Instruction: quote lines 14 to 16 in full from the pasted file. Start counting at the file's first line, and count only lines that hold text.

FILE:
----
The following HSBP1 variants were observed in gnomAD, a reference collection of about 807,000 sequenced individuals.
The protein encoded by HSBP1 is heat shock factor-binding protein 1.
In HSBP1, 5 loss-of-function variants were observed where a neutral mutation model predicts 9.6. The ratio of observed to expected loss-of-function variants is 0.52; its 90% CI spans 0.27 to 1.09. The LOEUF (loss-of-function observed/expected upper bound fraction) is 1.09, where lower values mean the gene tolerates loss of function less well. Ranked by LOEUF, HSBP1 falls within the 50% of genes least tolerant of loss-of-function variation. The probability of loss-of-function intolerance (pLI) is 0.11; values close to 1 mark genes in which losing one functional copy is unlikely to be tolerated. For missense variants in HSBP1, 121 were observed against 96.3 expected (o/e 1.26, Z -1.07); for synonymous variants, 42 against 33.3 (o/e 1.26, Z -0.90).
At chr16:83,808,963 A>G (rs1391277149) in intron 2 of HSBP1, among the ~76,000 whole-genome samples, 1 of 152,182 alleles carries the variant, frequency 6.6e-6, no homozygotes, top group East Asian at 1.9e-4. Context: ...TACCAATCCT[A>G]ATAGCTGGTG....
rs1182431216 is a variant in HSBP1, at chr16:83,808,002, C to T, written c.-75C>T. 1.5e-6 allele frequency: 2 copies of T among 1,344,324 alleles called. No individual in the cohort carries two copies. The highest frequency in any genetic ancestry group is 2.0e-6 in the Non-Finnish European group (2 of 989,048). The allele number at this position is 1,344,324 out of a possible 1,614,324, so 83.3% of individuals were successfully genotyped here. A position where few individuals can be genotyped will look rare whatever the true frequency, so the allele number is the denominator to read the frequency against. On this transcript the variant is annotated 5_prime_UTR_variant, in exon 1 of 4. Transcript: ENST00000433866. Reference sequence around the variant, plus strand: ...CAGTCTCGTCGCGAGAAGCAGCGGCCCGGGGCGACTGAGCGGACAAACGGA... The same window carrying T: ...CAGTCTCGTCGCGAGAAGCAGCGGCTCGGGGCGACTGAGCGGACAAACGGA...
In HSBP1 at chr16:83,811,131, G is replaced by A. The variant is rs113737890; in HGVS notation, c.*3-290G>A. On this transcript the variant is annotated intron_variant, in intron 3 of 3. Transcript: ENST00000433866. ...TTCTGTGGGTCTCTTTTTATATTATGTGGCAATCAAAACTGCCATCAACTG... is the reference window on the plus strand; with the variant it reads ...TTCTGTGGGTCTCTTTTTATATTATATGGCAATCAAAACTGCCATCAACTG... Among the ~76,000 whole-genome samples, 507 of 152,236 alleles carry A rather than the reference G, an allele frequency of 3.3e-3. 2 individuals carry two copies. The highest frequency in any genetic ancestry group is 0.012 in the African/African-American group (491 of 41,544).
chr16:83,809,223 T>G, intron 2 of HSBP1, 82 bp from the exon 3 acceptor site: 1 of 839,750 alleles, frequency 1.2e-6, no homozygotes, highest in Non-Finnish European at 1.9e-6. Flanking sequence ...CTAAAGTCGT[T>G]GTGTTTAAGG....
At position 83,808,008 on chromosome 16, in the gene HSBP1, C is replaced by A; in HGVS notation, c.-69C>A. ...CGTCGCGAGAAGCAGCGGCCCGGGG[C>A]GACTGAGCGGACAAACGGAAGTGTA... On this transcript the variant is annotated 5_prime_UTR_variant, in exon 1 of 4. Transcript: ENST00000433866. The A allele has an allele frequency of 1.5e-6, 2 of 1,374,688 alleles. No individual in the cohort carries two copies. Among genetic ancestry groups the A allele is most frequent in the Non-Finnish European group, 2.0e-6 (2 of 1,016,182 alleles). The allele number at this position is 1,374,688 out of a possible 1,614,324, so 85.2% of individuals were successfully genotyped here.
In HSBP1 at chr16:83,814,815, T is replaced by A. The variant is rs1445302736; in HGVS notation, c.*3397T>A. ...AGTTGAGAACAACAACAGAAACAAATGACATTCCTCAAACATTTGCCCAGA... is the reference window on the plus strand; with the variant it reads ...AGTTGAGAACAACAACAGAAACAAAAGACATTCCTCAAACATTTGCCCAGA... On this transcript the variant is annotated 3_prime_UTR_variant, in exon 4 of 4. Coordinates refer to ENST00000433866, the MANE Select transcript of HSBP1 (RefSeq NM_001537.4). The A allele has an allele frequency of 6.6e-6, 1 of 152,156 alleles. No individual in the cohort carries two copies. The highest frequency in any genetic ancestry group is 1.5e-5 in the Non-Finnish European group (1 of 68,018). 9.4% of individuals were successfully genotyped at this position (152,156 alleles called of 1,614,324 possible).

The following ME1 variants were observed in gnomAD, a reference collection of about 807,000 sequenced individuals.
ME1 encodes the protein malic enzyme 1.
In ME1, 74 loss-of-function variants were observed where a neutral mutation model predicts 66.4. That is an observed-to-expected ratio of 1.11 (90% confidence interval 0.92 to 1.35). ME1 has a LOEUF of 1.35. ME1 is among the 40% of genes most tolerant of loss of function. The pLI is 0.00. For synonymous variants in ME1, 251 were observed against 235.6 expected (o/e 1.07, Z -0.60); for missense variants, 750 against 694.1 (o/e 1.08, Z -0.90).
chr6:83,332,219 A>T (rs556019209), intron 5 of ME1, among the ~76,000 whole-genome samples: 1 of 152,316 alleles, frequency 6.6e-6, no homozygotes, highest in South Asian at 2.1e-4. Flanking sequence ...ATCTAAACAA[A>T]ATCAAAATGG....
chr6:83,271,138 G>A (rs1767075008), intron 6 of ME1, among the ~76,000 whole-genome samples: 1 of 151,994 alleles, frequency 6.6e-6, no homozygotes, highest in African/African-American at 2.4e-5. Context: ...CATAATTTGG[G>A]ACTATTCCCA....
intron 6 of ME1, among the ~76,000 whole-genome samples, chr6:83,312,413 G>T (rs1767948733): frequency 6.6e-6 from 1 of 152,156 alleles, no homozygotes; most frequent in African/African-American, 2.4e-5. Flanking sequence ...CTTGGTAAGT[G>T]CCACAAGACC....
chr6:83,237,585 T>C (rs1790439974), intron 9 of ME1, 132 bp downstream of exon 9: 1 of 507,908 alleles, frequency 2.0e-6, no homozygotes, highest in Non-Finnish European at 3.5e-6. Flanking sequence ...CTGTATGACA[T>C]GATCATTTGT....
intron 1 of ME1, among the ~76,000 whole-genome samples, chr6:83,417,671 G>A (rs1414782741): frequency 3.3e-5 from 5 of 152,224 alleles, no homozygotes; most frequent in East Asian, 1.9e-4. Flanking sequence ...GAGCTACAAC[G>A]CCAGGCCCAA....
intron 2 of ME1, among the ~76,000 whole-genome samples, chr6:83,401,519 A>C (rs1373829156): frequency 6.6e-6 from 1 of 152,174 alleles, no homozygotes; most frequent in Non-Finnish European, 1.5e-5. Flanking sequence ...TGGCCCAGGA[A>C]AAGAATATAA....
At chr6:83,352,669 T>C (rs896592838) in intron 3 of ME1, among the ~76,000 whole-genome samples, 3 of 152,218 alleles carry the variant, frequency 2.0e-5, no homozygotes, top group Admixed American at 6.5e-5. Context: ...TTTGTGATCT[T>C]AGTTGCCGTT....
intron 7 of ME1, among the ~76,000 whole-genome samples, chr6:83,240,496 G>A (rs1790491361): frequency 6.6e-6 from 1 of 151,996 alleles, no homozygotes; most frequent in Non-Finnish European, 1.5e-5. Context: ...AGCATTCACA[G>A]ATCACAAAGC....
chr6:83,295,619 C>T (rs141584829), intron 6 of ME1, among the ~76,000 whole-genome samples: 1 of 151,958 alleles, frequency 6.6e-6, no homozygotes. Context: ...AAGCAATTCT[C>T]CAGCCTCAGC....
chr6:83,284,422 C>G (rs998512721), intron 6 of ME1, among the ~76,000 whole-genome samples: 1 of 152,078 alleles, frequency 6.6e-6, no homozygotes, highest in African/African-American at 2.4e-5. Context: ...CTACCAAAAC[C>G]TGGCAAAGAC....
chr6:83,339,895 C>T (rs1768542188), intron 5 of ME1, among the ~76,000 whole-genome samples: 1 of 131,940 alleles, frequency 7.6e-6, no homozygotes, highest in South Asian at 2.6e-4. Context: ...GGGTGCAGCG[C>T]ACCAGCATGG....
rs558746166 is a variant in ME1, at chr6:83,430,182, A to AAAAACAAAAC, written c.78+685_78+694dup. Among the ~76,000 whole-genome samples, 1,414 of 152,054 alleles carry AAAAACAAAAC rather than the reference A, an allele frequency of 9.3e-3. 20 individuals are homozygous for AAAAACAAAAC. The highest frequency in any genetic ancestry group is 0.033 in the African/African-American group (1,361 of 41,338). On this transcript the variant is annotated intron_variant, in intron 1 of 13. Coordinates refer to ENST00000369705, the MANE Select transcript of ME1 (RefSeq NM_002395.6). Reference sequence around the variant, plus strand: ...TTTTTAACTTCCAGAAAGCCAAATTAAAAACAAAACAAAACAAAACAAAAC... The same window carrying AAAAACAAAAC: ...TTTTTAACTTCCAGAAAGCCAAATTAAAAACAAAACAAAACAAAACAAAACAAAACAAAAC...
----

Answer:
chr6:83,271,138 G>A (rs1767075008), intron 6 of ME1, among the ~76,000 whole-genome samples: 1 of 151,994 alleles, frequency 6.6e-6, no homozygotes, highest in African/African-American at 2.4e-5. Context: ...CATAATTTGG[G>A]ACTATTCCCA....
intron 6 of ME1, among the ~76,000 whole-genome samples, chr6:83,312,413 G>T (rs1767948733): frequency 6.6e-6 from 1 of 152,156 alleles, no homozygotes; most frequent in African/African-American, 2.4e-5. Flanking sequence ...CTTGGTAAGT[G>T]CCACAAGACC....
chr6:83,237,585 T>C (rs1790439974), intron 9 of ME1, 132 bp downstream of exon 9: 1 of 507,908 alleles, frequency 2.0e-6, no homozygotes, highest in Non-Finnish European at 3.5e-6. Flanking sequence ...CTGTATGACA[T>C]GATCATTTGT....